I have just finished reading this book and I'm so angry. Poetically written,it has the feel of a delicate Japanese pen drawing but talks about brutal events. It is about the Japanese immigrant experience specifically of women sent for through the mail by their future husbands. It starts in the early 1900's and continues through the beginning of World War II and the beginning of the internment of Japanese-Americans. Interestingly, there are no main characters in the book as the author Julie Otsuk...more
Clara
Half-way through The Buddha in the Attic it seemed one of those books that you admire but don't particularly like. I appreciated Otsuka's technique, the use of the collective "we," to drive the story of Japanese "picture brides" journeying to Northern California in the 1920's. It lets her emphasize the anonymity of the women--indeed, the anonymity of any immigrant group--in their new country. And it enables her to speak in shorthand about the women's varying experiences--underlined by the common...more
Jenna
When starting this book I kept thinking "Did I read this already?" It turns out somewhere along the way I read the short story that begat the full novel. And it's a great opener. But I had a little trouble settling into the the first person plural perspective. I kept waiting for it to shift to a singular point of view, but it never did. However, I ended up liking the impact this pov had on the sense of belonging, or not belonging, the Japanese had in their American communities. The "we", "us", a...more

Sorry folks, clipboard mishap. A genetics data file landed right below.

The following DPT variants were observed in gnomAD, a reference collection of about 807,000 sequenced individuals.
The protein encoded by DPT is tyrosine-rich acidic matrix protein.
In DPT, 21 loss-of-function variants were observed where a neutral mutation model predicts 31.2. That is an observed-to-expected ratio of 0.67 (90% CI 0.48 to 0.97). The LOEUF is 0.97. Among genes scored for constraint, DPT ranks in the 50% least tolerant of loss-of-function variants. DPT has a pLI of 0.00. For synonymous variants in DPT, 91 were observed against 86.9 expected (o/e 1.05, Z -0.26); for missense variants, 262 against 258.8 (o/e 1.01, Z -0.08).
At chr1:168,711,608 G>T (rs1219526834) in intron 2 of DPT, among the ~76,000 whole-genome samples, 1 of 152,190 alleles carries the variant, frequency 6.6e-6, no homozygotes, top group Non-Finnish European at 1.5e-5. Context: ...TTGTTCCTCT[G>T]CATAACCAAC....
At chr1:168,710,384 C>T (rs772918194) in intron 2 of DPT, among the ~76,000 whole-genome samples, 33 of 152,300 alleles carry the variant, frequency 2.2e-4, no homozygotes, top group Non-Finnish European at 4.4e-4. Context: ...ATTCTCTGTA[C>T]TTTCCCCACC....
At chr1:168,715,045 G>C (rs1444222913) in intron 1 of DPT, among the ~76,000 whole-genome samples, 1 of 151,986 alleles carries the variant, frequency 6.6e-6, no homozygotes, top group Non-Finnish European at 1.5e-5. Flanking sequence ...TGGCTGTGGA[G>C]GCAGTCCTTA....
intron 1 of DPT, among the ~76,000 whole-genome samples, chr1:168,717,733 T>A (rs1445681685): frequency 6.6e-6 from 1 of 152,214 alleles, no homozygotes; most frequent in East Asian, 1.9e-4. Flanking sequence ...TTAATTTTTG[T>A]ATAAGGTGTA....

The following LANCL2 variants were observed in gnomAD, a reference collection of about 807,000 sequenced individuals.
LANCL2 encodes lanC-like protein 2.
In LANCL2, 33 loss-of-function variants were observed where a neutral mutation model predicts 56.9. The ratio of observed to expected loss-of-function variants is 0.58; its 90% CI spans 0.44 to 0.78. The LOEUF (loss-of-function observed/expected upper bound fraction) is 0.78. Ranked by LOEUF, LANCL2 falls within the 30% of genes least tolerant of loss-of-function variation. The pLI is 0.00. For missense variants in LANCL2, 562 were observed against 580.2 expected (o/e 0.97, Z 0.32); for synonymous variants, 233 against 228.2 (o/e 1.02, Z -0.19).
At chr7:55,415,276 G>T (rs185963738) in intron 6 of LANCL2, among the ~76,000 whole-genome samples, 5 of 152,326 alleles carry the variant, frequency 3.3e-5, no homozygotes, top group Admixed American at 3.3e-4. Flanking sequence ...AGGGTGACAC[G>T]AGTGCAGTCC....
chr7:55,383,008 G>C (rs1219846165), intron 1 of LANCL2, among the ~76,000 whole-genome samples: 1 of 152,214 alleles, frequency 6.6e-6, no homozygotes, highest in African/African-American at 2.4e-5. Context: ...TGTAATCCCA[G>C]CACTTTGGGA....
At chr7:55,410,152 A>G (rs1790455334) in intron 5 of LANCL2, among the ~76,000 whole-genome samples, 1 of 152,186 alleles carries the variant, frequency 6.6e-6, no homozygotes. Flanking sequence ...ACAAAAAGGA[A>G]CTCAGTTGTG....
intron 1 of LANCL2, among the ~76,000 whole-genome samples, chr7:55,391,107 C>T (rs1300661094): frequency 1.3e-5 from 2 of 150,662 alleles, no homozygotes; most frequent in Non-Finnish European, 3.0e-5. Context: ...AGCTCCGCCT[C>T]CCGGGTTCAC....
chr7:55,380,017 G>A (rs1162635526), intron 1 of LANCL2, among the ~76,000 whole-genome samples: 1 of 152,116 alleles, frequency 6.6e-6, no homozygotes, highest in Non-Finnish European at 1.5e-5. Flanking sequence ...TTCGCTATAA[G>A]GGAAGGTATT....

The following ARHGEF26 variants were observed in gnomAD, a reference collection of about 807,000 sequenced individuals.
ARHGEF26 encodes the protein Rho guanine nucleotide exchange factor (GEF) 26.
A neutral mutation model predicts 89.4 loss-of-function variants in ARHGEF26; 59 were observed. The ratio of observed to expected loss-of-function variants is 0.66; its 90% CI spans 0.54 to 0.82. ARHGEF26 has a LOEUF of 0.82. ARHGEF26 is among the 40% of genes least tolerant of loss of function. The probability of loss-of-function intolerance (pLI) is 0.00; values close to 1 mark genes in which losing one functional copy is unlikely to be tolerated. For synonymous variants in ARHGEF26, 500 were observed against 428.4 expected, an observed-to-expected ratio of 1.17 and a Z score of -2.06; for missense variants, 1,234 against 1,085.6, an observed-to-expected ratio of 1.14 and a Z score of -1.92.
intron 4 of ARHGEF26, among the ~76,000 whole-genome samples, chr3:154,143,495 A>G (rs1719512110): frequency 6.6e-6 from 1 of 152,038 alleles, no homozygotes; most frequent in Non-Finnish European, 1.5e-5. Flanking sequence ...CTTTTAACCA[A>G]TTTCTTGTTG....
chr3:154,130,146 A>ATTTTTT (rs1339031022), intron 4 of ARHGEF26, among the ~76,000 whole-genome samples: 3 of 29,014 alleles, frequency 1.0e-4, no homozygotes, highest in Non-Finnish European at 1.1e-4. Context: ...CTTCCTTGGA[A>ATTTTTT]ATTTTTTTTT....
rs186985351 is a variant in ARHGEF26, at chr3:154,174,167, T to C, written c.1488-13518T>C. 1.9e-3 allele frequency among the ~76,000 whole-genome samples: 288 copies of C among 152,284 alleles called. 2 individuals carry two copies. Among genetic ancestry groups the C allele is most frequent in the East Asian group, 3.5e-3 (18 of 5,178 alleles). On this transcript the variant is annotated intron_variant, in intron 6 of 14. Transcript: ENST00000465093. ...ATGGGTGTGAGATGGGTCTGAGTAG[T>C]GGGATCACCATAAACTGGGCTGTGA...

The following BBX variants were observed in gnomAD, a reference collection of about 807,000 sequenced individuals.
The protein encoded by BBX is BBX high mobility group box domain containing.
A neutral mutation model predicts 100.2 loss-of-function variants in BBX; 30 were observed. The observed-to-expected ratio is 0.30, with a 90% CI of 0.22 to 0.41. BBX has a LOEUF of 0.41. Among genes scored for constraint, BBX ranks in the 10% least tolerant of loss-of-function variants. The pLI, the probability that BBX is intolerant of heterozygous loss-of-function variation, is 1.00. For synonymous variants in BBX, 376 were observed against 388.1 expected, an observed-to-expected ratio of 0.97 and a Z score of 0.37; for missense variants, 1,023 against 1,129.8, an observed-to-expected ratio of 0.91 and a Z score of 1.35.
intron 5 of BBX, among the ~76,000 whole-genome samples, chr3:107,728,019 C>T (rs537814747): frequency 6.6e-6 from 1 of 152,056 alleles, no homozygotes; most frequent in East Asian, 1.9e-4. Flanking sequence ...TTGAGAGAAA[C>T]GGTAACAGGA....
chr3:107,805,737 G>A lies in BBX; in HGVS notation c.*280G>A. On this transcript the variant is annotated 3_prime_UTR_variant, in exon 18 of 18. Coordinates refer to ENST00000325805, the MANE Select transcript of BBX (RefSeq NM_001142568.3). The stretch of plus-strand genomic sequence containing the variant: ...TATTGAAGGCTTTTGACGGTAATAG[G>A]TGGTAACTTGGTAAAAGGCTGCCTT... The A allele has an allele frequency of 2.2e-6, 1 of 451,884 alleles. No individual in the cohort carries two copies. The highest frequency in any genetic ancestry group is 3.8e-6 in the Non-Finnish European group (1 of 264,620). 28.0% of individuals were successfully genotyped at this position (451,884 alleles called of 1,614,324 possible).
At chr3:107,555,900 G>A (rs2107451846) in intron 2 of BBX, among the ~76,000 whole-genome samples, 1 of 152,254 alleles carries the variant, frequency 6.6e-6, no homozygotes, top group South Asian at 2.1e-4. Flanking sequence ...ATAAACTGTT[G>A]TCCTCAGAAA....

Kathleen
This is the first book I've ever read written in the first person plural. The "we" are the many Japanese "picture brides" who emigrated to the United States (mostly California) during the first few decades of the 20th Century. Given the limitations of this format, the author did well, but there are still lots of awkward, repetitive phrases required to encompass such a variety of experiences. The women are farm laborers, maids, seamstresses, laundresses, waitresses, prostitutes. The constants inc...more
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Julie Otsuka was born and raised in California. After studying art as an undergraduate at Yale University she pursued a career as a painter for several years before turning to fiction writing at age 30. She received her MFA from Columbia. She is a recipient of a Guggenheim Fellowship, the Asian American Literary Award, and the American Library Association Alex Award.

Her first novel, When the Empe...more
More about Julie Otsuka...
When the Emperor Was Divine Venivamo tutte per mare - Assaggi d'autore gratuiti: Ebook gratis: 2 capitoli in anteprima Whites Granta 115: The F Word Svenska Granta 1: Gränser

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“Women are weak, but mothers are strong.” 14 likes